A man's world
"Helen Mirren took Hollywood to task Tuesday over the entertainment community's obsession with youth and young men, in particular.
"During her speech given at The Hollywood Reporter's annual Women in Entertainment breakfast, the Sherry Lansing Leadership Award recipient noted that "journalists are always asking her to complain about the lack of opportunities for older women on screen."
"'I resent in my life the survival of some very mediocre male actors and the professional demise of some very brilliant female ones,' Mirren said. 'However, with all due respect to you many brilliant and successful women in this room … really not too much has changed in the canon of Hollywood filmmaking that continues to worship at the altar of the 18- to 25-year-old male and his penis.'"
— Jenna Bordelon, writing on "Helen Mirren Knocks Hollywood for Worshipping Young Men" on Dec. 7 at the Hollywood Reporter
"Before [Julian] Assange was remanded to custody in the United Kingdom, awaiting a possible extradition to Sweden to face multiple sexual assault charges, his most credulous supporters switched tactics, from attacking the overly broad Swedish conception of rape to suggesting one of his alleged victims moonlights as an American agent; downshifting from Camille Paglia to 'Three Days of the Condor.'
"Here's how an evidence-free, innuendo-filled personal attack on a rape accuser trespasses the mainstream political debate. On his Twitter feed, MSNBC host Keith Olbermann (162,000 followers) links to a rambling blog post arguing that Anna Ardin, the Swedish feminist who accused Assange of rape, is an anti-Castro activist with connections to CIA front groups. Elsewhere on the Internet, NYU professor Mark Crispin Miller, the popular liberal website FireDogLake, Bianca Jagger, and The First Post … all circulated the charges without an ounce of skepticism. … If American intelligence could dream up COINTELPRO, they could surely convince a pair of left-wing political activists to lure Assange into a 'honey trap,' right?"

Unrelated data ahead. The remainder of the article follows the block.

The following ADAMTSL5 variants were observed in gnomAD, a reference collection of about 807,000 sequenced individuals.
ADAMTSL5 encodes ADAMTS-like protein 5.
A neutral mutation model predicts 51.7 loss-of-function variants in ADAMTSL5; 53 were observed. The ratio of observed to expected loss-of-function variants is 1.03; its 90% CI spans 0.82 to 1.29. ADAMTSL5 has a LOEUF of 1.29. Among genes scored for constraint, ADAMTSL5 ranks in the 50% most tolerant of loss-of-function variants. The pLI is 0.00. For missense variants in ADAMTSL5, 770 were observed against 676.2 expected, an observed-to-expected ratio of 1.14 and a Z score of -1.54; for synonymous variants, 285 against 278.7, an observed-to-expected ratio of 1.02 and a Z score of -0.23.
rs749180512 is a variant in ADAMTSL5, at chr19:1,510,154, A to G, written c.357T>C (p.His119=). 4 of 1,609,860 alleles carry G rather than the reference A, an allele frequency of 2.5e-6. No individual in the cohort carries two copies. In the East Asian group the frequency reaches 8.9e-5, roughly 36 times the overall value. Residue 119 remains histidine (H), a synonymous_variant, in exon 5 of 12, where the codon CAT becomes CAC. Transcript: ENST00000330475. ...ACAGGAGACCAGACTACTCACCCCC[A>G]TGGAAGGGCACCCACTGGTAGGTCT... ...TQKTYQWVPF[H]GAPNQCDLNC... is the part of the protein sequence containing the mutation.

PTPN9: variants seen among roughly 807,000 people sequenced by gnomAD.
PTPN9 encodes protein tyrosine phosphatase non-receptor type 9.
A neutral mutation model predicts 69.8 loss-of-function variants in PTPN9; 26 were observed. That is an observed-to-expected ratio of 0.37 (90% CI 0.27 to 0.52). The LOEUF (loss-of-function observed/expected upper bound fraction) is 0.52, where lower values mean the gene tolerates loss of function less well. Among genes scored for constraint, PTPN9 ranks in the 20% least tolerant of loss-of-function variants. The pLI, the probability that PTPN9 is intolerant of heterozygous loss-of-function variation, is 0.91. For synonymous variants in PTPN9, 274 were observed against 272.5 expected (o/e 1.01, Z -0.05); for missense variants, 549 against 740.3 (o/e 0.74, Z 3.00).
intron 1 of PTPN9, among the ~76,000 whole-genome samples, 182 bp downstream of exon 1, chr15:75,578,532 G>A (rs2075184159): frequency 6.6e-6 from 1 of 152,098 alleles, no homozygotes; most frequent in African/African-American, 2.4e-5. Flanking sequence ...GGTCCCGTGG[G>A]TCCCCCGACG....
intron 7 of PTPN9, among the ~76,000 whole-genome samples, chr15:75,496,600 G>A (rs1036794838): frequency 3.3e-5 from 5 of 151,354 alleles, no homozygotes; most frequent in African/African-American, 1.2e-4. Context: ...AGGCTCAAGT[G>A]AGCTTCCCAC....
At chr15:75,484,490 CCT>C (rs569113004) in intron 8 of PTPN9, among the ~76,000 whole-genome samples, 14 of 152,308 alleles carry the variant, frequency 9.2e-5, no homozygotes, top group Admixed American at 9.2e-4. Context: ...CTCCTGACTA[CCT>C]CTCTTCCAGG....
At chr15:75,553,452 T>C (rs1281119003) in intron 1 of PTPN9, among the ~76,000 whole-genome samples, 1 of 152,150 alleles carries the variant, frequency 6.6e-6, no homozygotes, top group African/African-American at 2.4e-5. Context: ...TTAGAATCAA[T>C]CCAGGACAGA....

— Michael C. Moynihan, writing on "Olbermann, Assange, and the Holocaust Denier," on Dec. 7 at Reason
"In a much-discussed 2009 Policy Review essay, Mary Eberstadt talked about how odd it was that liberal elites are extremely permissive about sex, but Puritan fussbudgets about food. What's less well explored is the culture-war role food plays among conservatives, especially in the South. My experience is anecdotal, of course, but I've seen emerging back home a growing sense that food intake is not something that can be held up for moral analysis and judgment. Those who attempt to do so are typically seen as liberal snobs trying to impose their own preferences.
"There's no doubt that liberal foodies can be horrible snobs, and excruciatingly moralistic (to shop at the organic co-op in my uber-liberal neighborhood is to rub shoulders with people every bit as prissy and intolerant as the Church Lady). But at some point, it's downright absurd for conservatives to ignore that food choices have moral implications. For me, going to my home county is an occasion for culinary culture shock, because middle-class people there simply do not have the same outlook on eating — especially for their children — as middle-class people do in my liberal city. Put plainly, people eat whatever they want, and lots of it, without giving it a second thought. More to my point here, they see the idea that one ought to care about such things as a sign of effete, high-handed liberalism."
— Richmond Ramsey, writing on "Food Fight Becomes Open Class Warfare," on Dec. 7 at the Frum Forum